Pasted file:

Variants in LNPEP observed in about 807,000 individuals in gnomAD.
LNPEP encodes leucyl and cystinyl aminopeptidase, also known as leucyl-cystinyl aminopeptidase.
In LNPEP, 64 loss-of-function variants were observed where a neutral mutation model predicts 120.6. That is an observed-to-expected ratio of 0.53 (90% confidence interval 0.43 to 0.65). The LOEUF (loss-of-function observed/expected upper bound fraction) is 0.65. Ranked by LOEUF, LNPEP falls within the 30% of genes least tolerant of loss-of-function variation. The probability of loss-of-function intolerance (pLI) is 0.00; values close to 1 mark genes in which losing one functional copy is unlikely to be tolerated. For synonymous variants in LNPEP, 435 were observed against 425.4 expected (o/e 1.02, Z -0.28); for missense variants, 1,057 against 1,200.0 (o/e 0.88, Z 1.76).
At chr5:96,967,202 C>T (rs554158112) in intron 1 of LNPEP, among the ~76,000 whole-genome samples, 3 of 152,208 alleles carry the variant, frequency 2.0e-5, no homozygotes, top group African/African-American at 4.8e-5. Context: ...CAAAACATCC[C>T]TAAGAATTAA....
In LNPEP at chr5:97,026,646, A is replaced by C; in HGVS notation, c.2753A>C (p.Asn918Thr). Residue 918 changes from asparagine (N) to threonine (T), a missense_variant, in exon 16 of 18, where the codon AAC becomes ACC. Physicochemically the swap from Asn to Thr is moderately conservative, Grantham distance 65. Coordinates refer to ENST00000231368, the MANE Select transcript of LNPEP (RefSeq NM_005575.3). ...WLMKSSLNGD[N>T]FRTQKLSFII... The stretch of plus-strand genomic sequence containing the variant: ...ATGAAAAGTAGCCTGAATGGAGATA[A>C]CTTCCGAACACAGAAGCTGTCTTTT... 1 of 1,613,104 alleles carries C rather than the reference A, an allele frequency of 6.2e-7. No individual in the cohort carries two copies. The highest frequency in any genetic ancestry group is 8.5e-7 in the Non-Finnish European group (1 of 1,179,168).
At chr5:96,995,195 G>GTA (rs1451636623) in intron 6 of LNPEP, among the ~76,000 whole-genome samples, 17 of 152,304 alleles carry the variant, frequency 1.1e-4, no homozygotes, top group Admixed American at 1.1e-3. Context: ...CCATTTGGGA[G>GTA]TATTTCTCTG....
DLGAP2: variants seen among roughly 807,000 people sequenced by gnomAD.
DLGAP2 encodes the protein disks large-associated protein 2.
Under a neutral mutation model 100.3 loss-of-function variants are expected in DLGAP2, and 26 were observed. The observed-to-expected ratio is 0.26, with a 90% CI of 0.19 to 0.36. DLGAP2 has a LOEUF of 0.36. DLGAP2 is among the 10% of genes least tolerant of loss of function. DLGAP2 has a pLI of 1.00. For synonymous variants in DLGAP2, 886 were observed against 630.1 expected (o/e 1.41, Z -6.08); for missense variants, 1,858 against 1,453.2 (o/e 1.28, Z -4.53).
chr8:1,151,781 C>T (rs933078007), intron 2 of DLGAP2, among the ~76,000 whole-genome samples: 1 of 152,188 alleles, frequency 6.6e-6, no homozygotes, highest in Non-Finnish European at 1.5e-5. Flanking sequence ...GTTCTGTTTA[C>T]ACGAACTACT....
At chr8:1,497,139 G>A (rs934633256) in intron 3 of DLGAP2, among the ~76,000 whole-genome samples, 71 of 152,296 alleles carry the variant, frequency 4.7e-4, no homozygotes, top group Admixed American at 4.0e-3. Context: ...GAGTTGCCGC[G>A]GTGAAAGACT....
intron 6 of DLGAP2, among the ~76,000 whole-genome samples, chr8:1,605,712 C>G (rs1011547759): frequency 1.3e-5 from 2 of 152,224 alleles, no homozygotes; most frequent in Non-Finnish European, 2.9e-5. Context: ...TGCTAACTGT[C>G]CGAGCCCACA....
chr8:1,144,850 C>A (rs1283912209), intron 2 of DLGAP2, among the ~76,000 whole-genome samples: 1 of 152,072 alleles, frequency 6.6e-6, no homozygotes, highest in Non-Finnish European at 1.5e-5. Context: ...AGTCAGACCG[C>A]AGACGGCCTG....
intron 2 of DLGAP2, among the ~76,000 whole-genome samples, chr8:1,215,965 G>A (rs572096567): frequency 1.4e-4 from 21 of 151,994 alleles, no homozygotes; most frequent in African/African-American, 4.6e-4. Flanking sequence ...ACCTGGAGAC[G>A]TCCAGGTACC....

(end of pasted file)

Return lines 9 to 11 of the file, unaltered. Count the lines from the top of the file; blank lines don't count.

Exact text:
Under a neutral mutation model 100.3 loss-of-function variants are expected in DLGAP2, and 26 were observed. The observed-to-expected ratio is 0.26, with a 90% CI of 0.19 to 0.36. DLGAP2 has a LOEUF of 0.36. DLGAP2 is among the 10% of genes least tolerant of loss of function. DLGAP2 has a pLI of 1.00. For synonymous variants in DLGAP2, 886 were observed against 630.1 expected (o/e 1.41, Z -6.08); for missense variants, 1,858 against 1,453.2 (o/e 1.28, Z -4.53).
chr8:1,151,781 C>T (rs933078007), intron 2 of DLGAP2, among the ~76,000 whole-genome samples: 1 of 152,188 alleles, frequency 6.6e-6, no homozygotes, highest in Non-Finnish European at 1.5e-5. Flanking sequence ...GTTCTGTTTA[C>T]ACGAACTACT....
At chr8:1,497,139 G>A (rs934633256) in intron 3 of DLGAP2, among the ~76,000 whole-genome samples, 71 of 152,296 alleles carry the variant, frequency 4.7e-4, no homozygotes, top group Admixed American at 4.0e-3. Context: ...GAGTTGCCGC[G>A]GTGAAAGACT....